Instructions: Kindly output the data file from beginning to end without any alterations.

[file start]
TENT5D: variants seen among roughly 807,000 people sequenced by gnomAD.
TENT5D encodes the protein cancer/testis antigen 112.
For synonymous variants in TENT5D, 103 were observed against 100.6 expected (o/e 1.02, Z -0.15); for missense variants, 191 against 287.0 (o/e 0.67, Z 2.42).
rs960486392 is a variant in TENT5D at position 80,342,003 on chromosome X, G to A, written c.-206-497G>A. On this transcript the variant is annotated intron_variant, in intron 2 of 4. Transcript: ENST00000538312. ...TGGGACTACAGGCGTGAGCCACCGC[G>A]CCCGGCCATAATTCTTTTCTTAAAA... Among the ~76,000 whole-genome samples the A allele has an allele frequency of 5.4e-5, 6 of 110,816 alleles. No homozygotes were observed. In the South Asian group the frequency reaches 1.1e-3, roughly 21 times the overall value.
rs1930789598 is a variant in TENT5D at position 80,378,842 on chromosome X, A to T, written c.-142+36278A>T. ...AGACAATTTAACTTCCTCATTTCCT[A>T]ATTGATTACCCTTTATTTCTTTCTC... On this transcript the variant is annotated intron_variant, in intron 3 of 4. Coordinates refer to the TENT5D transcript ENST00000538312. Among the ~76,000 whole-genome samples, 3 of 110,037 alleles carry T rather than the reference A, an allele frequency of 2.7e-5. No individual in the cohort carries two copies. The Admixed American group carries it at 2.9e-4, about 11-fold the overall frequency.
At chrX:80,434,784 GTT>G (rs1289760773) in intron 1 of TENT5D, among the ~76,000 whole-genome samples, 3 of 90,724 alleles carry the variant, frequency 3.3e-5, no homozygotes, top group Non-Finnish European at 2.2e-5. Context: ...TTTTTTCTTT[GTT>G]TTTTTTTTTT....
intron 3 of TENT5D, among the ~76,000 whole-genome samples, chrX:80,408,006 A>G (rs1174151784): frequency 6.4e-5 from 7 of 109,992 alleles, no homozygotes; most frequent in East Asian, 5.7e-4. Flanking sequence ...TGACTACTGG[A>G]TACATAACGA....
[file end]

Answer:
TENT5D: variants seen among roughly 807,000 people sequenced by gnomAD.
TENT5D encodes the protein cancer/testis antigen 112.
For synonymous variants in TENT5D, 103 were observed against 100.6 expected (o/e 1.02, Z -0.15); for missense variants, 191 against 287.0 (o/e 0.67, Z 2.42).
rs960486392 is a variant in TENT5D at position 80,342,003 on chromosome X, G to A, written c.-206-497G>A. On this transcript the variant is annotated intron_variant, in intron 2 of 4. Transcript: ENST00000538312. ...TGGGACTACAGGCGTGAGCCACCGC[G>A]CCCGGCCATAATTCTTTTCTTAAAA... Among the ~76,000 whole-genome samples the A allele has an allele frequency of 5.4e-5, 6 of 110,816 alleles. No homozygotes were observed. In the South Asian group the frequency reaches 1.1e-3, roughly 21 times the overall value.
rs1930789598 is a variant in TENT5D at position 80,378,842 on chromosome X, A to T, written c.-142+36278A>T. ...AGACAATTTAACTTCCTCATTTCCT[A>T]ATTGATTACCCTTTATTTCTTTCTC... On this transcript the variant is annotated intron_variant, in intron 3 of 4. Coordinates refer to the TENT5D transcript ENST00000538312. Among the ~76,000 whole-genome samples, 3 of 110,037 alleles carry T rather than the reference A, an allele frequency of 2.7e-5. No individual in the cohort carries two copies. The Admixed American group carries it at 2.9e-4, about 11-fold the overall frequency.
At chrX:80,434,784 GTT>G (rs1289760773) in intron 1 of TENT5D, among the ~76,000 whole-genome samples, 3 of 90,724 alleles carry the variant, frequency 3.3e-5, no homozygotes, top group Non-Finnish European at 2.2e-5. Context: ...TTTTTTCTTT[GTT>G]TTTTTTTTTT....
intron 3 of TENT5D, among the ~76,000 whole-genome samples, chrX:80,408,006 A>G (rs1174151784): frequency 6.4e-5 from 7 of 109,992 alleles, no homozygotes; most frequent in East Asian, 5.7e-4. Flanking sequence ...TGACTACTGG[A>G]TACATAACGA....